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Cooking oil recycled into fuel

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The used cooking oil is liquid gold for Todd Stephens. The used cooking oil is liquid gold for Todd Stephens.
Muskogee, Sand Springs, Tulsa, Jenks and Claremore are already on board. Muskogee, Sand Springs, Tulsa, Jenks and Claremore are already on board.

Old cooking oil is bringing new fuel to Muskogee. A revolutionary recycling program is turning last night's waste into fuel that can power your car.

This year alone five local cities have signed up for the program. On Saturday, Muskogee unveiled their drop off center. City leaders said it's a great way to Go Green.

The used cooking oil is liquid gold for Todd Stephens.

"You can't pour it down the drain, cause it'll clog up your pipes, and it's really dangerous to put it anywhere else," said Stephens.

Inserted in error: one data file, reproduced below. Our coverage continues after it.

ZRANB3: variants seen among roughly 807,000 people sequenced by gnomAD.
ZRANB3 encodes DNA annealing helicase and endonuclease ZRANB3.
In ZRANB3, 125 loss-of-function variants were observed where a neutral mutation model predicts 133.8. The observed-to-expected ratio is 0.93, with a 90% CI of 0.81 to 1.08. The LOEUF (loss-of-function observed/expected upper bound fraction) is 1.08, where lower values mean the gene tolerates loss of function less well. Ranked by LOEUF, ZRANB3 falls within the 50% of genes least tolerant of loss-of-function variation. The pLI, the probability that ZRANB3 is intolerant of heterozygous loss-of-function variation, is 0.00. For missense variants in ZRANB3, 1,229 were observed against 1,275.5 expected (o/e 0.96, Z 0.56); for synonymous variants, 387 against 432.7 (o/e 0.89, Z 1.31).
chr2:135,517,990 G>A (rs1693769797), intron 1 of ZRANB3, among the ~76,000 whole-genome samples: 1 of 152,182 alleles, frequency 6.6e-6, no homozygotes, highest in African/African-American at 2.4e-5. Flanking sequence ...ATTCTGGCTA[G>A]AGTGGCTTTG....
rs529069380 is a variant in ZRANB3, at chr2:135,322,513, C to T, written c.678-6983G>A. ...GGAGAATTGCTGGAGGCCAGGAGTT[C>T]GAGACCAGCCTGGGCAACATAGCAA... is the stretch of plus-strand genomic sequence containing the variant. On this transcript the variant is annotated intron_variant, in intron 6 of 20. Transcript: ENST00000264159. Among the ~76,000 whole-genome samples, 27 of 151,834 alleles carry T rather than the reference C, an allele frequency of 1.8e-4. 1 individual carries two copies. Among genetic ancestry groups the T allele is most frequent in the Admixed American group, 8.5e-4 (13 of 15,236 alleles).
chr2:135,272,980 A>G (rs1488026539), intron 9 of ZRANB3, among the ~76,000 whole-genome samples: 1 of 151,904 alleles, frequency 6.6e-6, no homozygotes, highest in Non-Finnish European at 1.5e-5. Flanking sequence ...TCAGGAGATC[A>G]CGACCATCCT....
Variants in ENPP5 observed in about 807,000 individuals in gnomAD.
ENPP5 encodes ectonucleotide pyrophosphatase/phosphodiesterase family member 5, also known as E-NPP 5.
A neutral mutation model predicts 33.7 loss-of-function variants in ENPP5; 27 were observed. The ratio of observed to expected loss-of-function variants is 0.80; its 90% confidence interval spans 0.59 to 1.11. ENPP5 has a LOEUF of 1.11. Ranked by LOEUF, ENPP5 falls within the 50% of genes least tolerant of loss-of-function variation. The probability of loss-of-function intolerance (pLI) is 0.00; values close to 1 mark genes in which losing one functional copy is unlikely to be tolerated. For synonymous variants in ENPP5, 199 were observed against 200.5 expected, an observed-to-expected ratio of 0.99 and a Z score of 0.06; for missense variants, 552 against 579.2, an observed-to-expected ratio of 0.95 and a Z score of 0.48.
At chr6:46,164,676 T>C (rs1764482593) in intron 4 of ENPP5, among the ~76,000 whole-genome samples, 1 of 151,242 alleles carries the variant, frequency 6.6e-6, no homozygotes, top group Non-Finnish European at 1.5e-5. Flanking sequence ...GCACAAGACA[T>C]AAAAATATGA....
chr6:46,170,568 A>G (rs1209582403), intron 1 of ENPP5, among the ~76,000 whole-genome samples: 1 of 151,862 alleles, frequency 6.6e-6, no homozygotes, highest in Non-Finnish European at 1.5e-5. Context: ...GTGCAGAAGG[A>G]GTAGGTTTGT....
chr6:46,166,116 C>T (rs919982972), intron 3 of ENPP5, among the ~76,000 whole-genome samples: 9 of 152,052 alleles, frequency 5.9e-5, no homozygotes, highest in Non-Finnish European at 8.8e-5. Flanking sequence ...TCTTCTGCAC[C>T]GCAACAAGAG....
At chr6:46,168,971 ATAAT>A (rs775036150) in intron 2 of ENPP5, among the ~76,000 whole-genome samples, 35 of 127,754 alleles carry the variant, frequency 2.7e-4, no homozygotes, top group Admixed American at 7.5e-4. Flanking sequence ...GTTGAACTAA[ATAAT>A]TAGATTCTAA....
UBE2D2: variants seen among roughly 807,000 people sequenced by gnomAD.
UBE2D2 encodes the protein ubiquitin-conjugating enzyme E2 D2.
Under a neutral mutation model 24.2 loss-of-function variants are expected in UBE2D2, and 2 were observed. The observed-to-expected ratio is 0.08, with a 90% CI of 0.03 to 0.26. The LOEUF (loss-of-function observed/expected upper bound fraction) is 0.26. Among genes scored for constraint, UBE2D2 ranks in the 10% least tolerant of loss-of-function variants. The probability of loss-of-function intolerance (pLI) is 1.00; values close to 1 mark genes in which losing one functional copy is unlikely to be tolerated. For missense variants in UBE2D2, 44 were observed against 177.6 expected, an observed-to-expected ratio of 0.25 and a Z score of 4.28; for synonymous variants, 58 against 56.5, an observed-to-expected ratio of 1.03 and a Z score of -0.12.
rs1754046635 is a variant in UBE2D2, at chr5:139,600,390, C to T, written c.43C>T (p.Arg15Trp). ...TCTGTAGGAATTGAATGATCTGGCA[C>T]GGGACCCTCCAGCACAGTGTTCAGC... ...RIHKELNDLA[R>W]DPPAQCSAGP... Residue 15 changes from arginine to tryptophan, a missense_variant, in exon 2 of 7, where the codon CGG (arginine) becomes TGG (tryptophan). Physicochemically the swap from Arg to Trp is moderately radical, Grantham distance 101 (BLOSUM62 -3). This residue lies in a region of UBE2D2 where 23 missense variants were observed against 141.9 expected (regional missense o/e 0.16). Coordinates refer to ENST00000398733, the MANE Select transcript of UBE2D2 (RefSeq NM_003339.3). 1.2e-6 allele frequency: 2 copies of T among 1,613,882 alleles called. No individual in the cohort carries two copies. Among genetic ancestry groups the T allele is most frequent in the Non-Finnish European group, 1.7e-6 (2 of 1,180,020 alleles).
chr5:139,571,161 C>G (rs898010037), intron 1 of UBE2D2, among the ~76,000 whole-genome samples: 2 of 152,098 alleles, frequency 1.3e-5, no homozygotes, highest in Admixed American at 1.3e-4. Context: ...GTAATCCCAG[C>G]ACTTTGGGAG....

Stephens runs Tulsa BioFuel, a company that coverts oil into diesel fuel.

"This is a waste product that a lot of people have. A lot of people have fryers, a lot of people fry food when they have get togethers, and they just never had anywhere to go with it," said Stephens.

He opened his fifth drop-off center Saturday in Muskogee. Sand Springs, Tulsa, Jenks and Claremore are already on board.

"They're taking an abundant waste product, it's icky, it's nasty, it's hard to deal with, and they're turning it into something that will help improve air quality in the city, and also provide a local, renewable, clean-burning fuel," said Stephens.

In March, Stephens put his money where his mouth is and showed us that his own car runs on the stuff. That impressed Muskogee Public Works Director Francie Martin.

"Sanitation picks up a lot of cooking oil, and the trash bins, that leak out onto our city streets, causing clean up problems, that's one. Also, its filling up our landfill," said Martin.

There's another benefit, bio-diesel also burns 70 percent cleaner than regular gas.

It's a fuel that powers cars and keeps her city streets clean.

Stephens said that he's able to sell bio-diesel at a lower rate than consumers pay at the pump. He said he wants to have a drop-off box in every municipality within 60 miles of Tulsa.

He said he's in talks with Owasso and Bartlesville to bring this program there in the near future.

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